Any near-monopoly can expect a certain amount of bellyaching from its customers. And Nielsen Media Research Inc., which provides the television ratings on which the sale of $42 billion worth of advertisements each year is decided, is no exception. "The May sweeps were a disaster," gripes David F. Poltrack, senior vice-president for research and planning at CBS Corp. "The industry became aware just how bad a measurement service Nielsen was providing." For Nielsen, fending off such jabs has become even more critical since July 1, when it became a stand-alone public company for the first time in its 49-year history.
Nielsen finds itself flying solo at a time when it is enjoying hefty profits but also facing mounting challenges. Plans by several of its disgruntled customers to launch a competing service are gathering steam, and Nielsen is spending heavily to head them off and prepare for the launch of digital TV.
At the same time, newly anointed chief executive John A. Dimling, a 15-year Nielsen veteran, has found that independence comes with tight pursestrings. Nielsen's former parent, Cognizant Corp., was itself a spin-off from the old Dun & Bradstreet Corp., comprising Nielsen and health-care research firm IMS Health. But IMS, led by Cognizant's former executive team, spun off debt free with $640 million in cash, while Nielsen was awarded no cash and $300 million in debt. "There are a lot of things going against them at the outset," says analyst James D. Dougherty at Prudential Securities. At least Nielsen is now the master of its own destiny, says Dimling, free to pursue new avenues, such as measuring usage on the Internet. "As PCs and TV converge, we think we really need to be there to be able to measure both," he says.
Today, Nielsen's main business consists of two ratings operations. One is a national service built around electronic "people meters" wired to TV sets in 5,000 homes. The other, which measures viewership in 211 local markets, uses the archaic practice of recruiting couch potatoes during quarterly sweeps periods to scribble what they're watching in diaries. Customers have long bristled about Nielsen's shortcomings, from its methodology to its pricing. In the recent May sweeps, for instance, response rates from local diary samples were abysmally low, but Nielsen stood by its numbers.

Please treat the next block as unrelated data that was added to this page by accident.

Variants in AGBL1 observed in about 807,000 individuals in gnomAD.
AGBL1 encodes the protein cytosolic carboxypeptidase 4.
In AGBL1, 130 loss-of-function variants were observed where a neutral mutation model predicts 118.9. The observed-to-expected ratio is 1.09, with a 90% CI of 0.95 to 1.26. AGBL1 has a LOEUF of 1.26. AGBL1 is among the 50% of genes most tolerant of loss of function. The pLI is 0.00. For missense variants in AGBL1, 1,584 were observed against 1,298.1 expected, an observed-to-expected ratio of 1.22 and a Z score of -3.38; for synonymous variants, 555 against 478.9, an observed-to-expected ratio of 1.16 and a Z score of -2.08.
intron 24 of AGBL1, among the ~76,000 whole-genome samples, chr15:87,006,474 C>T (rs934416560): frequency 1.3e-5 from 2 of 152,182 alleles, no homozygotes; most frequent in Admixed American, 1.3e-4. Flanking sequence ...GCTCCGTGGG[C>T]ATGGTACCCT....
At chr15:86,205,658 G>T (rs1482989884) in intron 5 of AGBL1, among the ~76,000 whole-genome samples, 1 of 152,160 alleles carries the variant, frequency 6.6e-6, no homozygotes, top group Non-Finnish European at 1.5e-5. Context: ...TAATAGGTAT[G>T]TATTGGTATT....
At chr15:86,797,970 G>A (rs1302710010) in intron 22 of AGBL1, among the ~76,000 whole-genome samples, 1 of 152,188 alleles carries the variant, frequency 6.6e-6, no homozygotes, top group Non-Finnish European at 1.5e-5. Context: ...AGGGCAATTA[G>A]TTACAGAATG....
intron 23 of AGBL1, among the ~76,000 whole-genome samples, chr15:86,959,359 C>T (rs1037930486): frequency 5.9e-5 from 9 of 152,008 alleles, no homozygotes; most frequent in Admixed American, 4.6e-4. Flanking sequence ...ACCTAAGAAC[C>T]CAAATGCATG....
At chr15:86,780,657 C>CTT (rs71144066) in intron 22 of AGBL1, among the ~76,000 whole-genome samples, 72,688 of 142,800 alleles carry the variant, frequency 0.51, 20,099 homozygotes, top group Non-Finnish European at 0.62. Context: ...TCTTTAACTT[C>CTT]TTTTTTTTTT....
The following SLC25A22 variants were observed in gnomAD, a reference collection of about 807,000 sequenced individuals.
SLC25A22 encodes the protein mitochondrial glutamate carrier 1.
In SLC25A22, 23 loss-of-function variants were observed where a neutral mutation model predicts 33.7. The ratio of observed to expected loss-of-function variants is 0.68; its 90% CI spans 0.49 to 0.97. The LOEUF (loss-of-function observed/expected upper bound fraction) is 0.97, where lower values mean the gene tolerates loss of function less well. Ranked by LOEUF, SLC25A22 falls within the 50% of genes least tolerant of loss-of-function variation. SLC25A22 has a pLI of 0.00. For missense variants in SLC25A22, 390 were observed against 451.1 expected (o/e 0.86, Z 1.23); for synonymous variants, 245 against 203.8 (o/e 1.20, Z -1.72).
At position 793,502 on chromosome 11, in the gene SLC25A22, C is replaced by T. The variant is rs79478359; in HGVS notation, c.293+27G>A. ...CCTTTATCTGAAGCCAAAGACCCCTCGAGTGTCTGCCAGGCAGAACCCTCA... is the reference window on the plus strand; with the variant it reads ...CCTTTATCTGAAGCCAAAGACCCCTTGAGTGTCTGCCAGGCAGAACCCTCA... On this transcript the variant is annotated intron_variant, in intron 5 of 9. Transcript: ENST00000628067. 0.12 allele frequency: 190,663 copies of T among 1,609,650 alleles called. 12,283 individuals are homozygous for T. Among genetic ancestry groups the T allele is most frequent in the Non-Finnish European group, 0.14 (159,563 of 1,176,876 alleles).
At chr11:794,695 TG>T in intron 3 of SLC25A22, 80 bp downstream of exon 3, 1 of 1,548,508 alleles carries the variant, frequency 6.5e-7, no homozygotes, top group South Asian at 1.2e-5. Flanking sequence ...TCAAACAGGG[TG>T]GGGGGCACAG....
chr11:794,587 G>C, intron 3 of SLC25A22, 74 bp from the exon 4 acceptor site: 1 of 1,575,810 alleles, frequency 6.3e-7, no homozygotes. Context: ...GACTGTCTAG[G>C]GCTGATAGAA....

"NO GUARANTEE." Now, digital television presents a whole new ratings challenge. Whereas current meters measure only the channel a TV is tuned to, digital TV can transmit several signals through a single channel, and existing meters won't be able to measure accurately who is watching what. Nielsen has spent almost $30 million developing a new digital meter, but even its own regulatory filings concede there is "no guarantee" it will be adopted.
Even as it struggles to adapt to independence and technological change, Nielsen is a money spinner. It generated operating income of $21.3 million on $96 million in sales in the quarter ended Mar. 31. Getting growth, though, won't come easily. Some will come from winning over more local markets to its electronic meters and by signing on new cable channels. And Dimling has hopes for a "potential kicker" from new Internet and digital-TV gizmos. Nielsen and Microsoft Corp., for example, have teamed up to develop a ratings system that can measure television viewing through PCs using Windows 98. This year, Nielsen is also planning a service that will monitor home computer usage and market the results to everyone from advertisers to software developers.
High-tech doesn't come cheap, however. Although it will have to spend 22% of its cash flow on servicing its newly inherited debt, Nielsen is planning to plow as much as $110 million between this year and 2000 into new computer systems and the rollout of the digital meter--double its outlay of the previous three years.
Nielsen has little choice but to spend. A coalition of 29 broadcasters, advertisers, and agencies has been sponsoring a $40 million-plus pilot project of a new digital metering system devised by Statistical Research Inc., of Westfield, N.J. SRI is currently soliciting letters of intent from broadcasters and if it gets a $100 million commitment, plans to launch a new national service within two years.
SRI DOA? However, without cable giants Turner Broadcasting System Inc. and Viacom Inc.'s MTV Networks--notable abstainees from the SRI project--its chances are considered dicey. Larry Goodman, Turner Broadcasting's president of sales and marketing, isn't sure SRI will actually produce better research than Nielsen. "We believe the Nielsen data is fundamentally accurate," says Goodman. But others, like Tim Brooks, senior vice-president of research for USA Networks, worry that without the threat of SRI, Nielsen's service won't continue to improve.
Publicly, Dimling plays down SRI's chances and notes that Nielsen has outlasted past rivals like Arbitron Co. But how does he cope with his customers trashing him and angling to launch a competitor? "We don't try to retaliate against them by producing lower ratings--tempting though that might be," he says slyly. Indeed, rating well may be the best revenge.